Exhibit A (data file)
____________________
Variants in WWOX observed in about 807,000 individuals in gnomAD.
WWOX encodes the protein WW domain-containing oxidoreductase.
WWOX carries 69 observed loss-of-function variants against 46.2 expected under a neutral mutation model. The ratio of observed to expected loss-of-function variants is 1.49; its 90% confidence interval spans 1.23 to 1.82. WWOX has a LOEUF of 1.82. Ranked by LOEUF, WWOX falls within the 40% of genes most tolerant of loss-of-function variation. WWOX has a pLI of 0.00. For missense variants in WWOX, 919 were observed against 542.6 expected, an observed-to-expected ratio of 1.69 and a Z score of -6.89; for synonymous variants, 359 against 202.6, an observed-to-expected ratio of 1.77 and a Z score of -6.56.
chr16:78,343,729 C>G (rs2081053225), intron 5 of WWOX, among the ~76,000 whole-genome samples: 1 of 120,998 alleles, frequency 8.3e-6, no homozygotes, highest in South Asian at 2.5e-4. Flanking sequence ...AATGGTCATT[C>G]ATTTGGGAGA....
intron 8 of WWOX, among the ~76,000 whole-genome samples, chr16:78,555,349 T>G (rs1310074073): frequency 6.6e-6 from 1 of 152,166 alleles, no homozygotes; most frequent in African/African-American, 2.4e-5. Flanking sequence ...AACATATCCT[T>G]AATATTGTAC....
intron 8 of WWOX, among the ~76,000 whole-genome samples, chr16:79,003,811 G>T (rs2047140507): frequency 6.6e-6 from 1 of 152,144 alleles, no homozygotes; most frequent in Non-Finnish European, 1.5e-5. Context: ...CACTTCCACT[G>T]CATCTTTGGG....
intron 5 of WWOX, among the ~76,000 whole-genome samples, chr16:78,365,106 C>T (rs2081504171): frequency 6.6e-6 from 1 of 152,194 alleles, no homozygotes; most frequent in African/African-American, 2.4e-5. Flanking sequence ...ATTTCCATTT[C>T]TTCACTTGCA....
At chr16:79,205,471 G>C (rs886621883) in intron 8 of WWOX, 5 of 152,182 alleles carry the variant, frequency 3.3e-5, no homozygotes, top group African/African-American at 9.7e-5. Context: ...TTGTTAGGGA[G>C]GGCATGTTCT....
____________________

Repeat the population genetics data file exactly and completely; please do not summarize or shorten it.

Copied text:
Variants in WWOX observed in about 807,000 individuals in gnomAD.
WWOX encodes the protein WW domain-containing oxidoreductase.
WWOX carries 69 observed loss-of-function variants against 46.2 expected under a neutral mutation model. The ratio of observed to expected loss-of-function variants is 1.49; its 90% confidence interval spans 1.23 to 1.82. WWOX has a LOEUF of 1.82. Ranked by LOEUF, WWOX falls within the 40% of genes most tolerant of loss-of-function variation. WWOX has a pLI of 0.00. For missense variants in WWOX, 919 were observed against 542.6 expected, an observed-to-expected ratio of 1.69 and a Z score of -6.89; for synonymous variants, 359 against 202.6, an observed-to-expected ratio of 1.77 and a Z score of -6.56.
chr16:78,343,729 C>G (rs2081053225), intron 5 of WWOX, among the ~76,000 whole-genome samples: 1 of 120,998 alleles, frequency 8.3e-6, no homozygotes, highest in South Asian at 2.5e-4. Flanking sequence ...AATGGTCATT[C>G]ATTTGGGAGA....
intron 8 of WWOX, among the ~76,000 whole-genome samples, chr16:78,555,349 T>G (rs1310074073): frequency 6.6e-6 from 1 of 152,166 alleles, no homozygotes; most frequent in African/African-American, 2.4e-5. Flanking sequence ...AACATATCCT[T>G]AATATTGTAC....
intron 8 of WWOX, among the ~76,000 whole-genome samples, chr16:79,003,811 G>T (rs2047140507): frequency 6.6e-6 from 1 of 152,144 alleles, no homozygotes; most frequent in Non-Finnish European, 1.5e-5. Context: ...CACTTCCACT[G>T]CATCTTTGGG....
intron 5 of WWOX, among the ~76,000 whole-genome samples, chr16:78,365,106 C>T (rs2081504171): frequency 6.6e-6 from 1 of 152,194 alleles, no homozygotes; most frequent in African/African-American, 2.4e-5. Flanking sequence ...ATTTCCATTT[C>T]TTCACTTGCA....
At chr16:79,205,471 G>C (rs886621883) in intron 8 of WWOX, 5 of 152,182 alleles carry the variant, frequency 3.3e-5, no homozygotes, top group African/African-American at 9.7e-5. Context: ...TTGTTAGGGA[G>C]GGCATGTTCT....